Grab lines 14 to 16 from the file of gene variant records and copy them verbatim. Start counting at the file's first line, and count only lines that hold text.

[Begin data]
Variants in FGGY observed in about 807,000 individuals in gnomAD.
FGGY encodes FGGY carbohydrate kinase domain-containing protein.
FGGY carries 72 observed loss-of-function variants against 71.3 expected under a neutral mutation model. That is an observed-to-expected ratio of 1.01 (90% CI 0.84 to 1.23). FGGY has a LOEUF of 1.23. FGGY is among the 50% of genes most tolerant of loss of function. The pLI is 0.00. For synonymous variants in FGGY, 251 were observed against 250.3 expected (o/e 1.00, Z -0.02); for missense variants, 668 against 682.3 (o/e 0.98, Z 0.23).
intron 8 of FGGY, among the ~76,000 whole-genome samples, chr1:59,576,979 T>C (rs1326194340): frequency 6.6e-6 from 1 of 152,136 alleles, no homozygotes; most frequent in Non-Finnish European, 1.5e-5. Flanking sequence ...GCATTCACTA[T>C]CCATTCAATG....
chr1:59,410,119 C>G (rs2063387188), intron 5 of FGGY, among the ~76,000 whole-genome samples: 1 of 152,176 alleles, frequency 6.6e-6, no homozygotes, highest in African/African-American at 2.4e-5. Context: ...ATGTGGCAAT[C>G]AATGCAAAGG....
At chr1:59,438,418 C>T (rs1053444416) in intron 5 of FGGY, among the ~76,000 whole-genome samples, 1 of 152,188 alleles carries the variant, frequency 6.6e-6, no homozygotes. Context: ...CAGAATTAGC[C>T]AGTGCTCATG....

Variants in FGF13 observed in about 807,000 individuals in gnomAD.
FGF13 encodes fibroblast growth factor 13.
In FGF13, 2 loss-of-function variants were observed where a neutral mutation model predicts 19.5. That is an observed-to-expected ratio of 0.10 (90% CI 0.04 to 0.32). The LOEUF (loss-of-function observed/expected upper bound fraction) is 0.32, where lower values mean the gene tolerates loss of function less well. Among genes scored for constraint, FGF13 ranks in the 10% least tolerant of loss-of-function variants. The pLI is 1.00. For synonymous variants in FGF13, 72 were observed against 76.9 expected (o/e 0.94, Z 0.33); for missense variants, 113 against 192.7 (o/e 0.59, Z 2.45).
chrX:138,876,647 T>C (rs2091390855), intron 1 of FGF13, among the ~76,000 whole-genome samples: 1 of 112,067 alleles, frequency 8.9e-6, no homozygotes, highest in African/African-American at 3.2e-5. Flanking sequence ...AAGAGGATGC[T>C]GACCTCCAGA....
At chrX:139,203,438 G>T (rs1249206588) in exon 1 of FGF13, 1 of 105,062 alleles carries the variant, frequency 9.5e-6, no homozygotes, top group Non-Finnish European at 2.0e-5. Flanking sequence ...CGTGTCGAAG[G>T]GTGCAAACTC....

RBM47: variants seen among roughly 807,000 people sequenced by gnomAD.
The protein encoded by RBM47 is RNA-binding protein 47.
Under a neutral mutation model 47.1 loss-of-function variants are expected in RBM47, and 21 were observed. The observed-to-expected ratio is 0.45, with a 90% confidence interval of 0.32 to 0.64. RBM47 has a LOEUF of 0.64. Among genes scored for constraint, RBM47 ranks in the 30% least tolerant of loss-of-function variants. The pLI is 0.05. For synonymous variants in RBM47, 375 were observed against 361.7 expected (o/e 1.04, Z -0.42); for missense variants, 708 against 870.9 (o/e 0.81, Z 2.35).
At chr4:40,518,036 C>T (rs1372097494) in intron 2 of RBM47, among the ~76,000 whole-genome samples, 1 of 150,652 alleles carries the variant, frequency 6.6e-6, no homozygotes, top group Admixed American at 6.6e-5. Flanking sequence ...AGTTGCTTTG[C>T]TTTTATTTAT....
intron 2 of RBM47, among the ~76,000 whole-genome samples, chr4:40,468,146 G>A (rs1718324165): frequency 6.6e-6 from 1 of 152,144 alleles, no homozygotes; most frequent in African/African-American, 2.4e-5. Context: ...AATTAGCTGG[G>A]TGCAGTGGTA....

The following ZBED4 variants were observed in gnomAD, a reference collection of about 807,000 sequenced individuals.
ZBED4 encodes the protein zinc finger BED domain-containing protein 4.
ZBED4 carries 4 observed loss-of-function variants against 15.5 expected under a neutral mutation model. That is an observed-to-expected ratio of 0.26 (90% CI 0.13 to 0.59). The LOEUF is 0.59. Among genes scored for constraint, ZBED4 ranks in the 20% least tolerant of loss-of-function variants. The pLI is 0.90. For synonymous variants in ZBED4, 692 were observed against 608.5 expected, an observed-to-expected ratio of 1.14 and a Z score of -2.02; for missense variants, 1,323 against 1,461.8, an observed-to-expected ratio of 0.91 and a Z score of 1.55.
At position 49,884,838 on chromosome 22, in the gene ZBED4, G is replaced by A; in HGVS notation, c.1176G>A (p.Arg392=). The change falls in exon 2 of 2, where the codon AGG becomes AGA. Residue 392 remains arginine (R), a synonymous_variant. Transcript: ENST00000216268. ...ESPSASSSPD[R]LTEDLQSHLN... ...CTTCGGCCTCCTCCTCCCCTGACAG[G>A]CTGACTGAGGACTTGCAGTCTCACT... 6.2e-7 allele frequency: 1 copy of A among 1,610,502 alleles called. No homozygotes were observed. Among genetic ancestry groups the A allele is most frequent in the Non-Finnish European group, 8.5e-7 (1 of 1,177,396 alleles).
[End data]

Under a neutral mutation model 47.1 loss-of-function variants are expected in RBM47, and 21 were observed. The observed-to-expected ratio is 0.45, with a 90% confidence interval of 0.32 to 0.64. RBM47 has a LOEUF of 0.64. Among genes scored for constraint, RBM47 ranks in the 30% least tolerant of loss-of-function variants. The pLI is 0.05. For synonymous variants in RBM47, 375 were observed against 361.7 expected (o/e 1.04, Z -0.42); for missense variants, 708 against 870.9 (o/e 0.81, Z 2.35).
At chr4:40,518,036 C>T (rs1372097494) in intron 2 of RBM47, among the ~76,000 whole-genome samples, 1 of 150,652 alleles carries the variant, frequency 6.6e-6, no homozygotes, top group Admixed American at 6.6e-5. Flanking sequence ...AGTTGCTTTG[C>T]TTTTATTTAT....
intron 2 of RBM47, among the ~76,000 whole-genome samples, chr4:40,468,146 G>A (rs1718324165): frequency 6.6e-6 from 1 of 152,144 alleles, no homozygotes; most frequent in African/African-American, 2.4e-5. Context: ...AATTAGCTGG[G>A]TGCAGTGGTA....